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Lapses of memory that cause insurance heartache

Last updated 05:00 15/03/2017


If you let your insurance lapse, you may find yourself out of pocket, or even ruined.


A little lapse of memory can cause a whole heap of heartache.

Lapse is industry jargon for an insurance policy being cancelled because the the premium hasn't been paid.

When a lapse happens by accident, it can cause financial heartache in a family already facing tragedy.

‚ÄčOne woman discovered a life insurance policy had lapsed as her terminally ill husband lay on his deathbed.

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She called the insurer immediately to ask for the policy, which had lapsed two months earlier, to be reinstated.

Forgotten something? Often insurers will automatically reinstate policies if premium payments come in only a few days, or weeks late.


It agreed, and the woman immediately popped a cheque in the post.


The woman said she made the call at 10am on the day of her husband's death.

The insurer said it was at 2.38pm.

The man died at 3.50pm.

The tragic events, which took place in 2006, were revealed in a case that came before the Legal Aid Tribunal late last year, a body which hears appeals from people who have been refused a legal aid loan to pay a lawyer to take their case.

One of the dead man's children was trying to sue the insurer, which refused to pay the claim on the life insurance policy.

"The insurers declined a claim on the policy on the basis that they had not been told of the father's death," tribunal member David Plunkett said in his judgement published in September.

On receipt of the woman's cheque for $56.70, the insurer reinstated the policy, which could pay out over $100,000.

But that happened three days after the man's death, Plunkett found.

"As it had not been reinstated at the time of the telephone call, it was not in force when the father passed away," Plunkett said, turning down the appeal for Legal Aid on the grounds the "prospects of success are not sufficient to justify the grant of legal aid".

There have been a scattering of cases that have come before Insurance and Financial Services Ombudsman Karen Stevens over the last two years where anguished families have sought to get an insurer to reinstate a policy, after disaster has struck.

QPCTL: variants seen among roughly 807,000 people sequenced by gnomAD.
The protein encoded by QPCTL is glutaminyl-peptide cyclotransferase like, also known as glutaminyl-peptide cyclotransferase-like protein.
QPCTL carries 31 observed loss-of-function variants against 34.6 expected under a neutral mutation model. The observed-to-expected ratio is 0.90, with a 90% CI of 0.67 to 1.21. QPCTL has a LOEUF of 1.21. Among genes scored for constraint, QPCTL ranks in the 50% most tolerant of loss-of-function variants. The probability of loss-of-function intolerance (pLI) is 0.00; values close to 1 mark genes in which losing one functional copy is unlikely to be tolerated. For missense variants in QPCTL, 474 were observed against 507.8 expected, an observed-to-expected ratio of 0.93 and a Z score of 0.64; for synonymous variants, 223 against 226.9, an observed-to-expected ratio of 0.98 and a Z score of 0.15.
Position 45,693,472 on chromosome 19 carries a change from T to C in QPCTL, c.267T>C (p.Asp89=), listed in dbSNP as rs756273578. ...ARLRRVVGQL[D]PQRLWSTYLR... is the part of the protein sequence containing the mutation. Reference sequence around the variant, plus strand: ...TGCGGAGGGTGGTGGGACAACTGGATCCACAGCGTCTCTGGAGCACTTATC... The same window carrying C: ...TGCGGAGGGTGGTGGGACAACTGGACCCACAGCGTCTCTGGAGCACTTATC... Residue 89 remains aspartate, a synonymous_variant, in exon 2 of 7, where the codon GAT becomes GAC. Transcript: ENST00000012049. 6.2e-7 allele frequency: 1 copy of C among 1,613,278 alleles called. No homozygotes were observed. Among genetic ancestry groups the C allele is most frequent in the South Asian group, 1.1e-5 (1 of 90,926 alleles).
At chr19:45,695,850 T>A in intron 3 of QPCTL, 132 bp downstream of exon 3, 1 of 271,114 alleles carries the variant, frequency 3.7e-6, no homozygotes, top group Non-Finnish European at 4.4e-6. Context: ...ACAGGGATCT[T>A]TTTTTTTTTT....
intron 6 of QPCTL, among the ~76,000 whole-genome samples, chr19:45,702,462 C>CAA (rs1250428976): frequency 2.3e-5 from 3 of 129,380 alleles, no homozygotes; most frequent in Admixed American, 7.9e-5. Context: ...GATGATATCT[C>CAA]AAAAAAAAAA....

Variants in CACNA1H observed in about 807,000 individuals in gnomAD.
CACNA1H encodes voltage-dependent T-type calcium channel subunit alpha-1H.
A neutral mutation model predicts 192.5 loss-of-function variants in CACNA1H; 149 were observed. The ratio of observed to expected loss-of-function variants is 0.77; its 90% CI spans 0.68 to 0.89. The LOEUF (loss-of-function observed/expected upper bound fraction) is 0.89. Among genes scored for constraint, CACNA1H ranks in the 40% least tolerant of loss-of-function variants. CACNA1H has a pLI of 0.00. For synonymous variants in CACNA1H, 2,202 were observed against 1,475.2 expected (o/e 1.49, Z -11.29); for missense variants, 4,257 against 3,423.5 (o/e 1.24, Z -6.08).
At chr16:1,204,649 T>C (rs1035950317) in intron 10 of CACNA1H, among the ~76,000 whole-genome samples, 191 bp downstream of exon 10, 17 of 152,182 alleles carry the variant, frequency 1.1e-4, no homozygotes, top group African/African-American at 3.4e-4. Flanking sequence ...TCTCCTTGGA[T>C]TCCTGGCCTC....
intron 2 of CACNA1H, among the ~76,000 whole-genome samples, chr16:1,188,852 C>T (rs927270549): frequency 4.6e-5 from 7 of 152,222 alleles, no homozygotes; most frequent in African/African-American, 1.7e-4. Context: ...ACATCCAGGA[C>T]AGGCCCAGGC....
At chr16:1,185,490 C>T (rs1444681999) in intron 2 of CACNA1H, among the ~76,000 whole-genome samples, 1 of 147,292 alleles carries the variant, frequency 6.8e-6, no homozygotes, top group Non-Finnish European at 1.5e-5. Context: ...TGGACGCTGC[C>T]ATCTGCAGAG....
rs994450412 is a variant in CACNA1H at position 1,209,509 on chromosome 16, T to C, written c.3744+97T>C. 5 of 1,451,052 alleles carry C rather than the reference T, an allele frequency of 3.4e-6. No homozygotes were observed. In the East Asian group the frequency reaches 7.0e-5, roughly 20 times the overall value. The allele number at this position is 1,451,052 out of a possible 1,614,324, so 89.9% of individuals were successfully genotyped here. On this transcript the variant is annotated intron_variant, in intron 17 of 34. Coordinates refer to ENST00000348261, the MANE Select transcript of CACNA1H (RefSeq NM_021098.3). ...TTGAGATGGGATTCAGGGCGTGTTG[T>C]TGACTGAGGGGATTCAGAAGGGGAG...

Each teaches something about the threat to family finances from not making sure insurance premiums are paid on time.


In 2016, a woman, who had missed payments on her trauma insurance during a hectic period of her life, complained to the ombudsman.

Her policy lapsed, and she rang her insurer, which reinstated the policy after she paid the missed premiums.

A few months later, she was diagnosed with breast cancer. The insurer declined the claim on the basis that she had visited her doctor with a breast lump before the policy was reinstated.

The ombudsman said the woman argued she wasn't told she had breast cancer until the day after the policy had been reinstated.

But insurance policies do not cover pre-existing conditions, and the woman's case demonstrates that by letting a policy lapse, people run the risk of developing, or being diagnosed with a disease, before they get the policy reinstated.

The ombudsman found the insurer had acted within its rights to turn down the claim.


It's important to have two sets of eyes on family finances, doubling the chance of spotting missed premium payments.

In 2016, two years before he died of a brain tumour, a man stopped paying the premiums on his trauma insurance. Following his death, his wife made a claim. The ombudsman found there was no policy to pay a claim on.

Tragically, there was a suspicion the brain tumour may have caused him to stop paying premiums. The man's friends felt he had been acting strangely before his death, raising the question of whether his condition had changed his behaviour. The man's doctor had believed his behaviour changes were due to the stress following the Canterbury Earthquakes, the man's wife told the Ombudsman.

The doctor not having diagnosed the tumour would have meant the insurer did not have to pay anyway. The narrow policy wording required the man survive for 14 days after the diagnosis of his brain tumour for a claim to be payable.


When someone lets a policy lapse, they risk their insurer deciding not to reinstate it.

In 2015, a woman learnt the hard way that insurers are not duty-bound to reinstate a lapsed policy. She complained to the Ombudsman after her insurer had lapsed her health, trauma and total permanent disablement policy in 2013. She said no-one had told her the policy had lapsed and, in December 2013, she had asked the insurer how much she had to pay to bring the policy up to date.

She paid, but the insurer "failed to reinstate the policy", the Ombudsman found. In addition, the insurer was not required to tell the woman the policy had lapsed.


Letting a policy lapse leaves a person uninsured should something like a natural disaster strike.

In 2008, a woman missed payments on the insurance of her rental property. The insurer tried calling her, but failed to get her. It tried to get her by mail, and through her bank as well, but failed, and eventually sent her a notice that her insurance had lapsed on October 2008.

In September 2010, following the earthquake in Canterbury, the woman, who was living overseas, made a claim to the insurer for damage to the house. It declined the claim, telling her the policy had lapsed. The ombudsman found it had.

- Stuff

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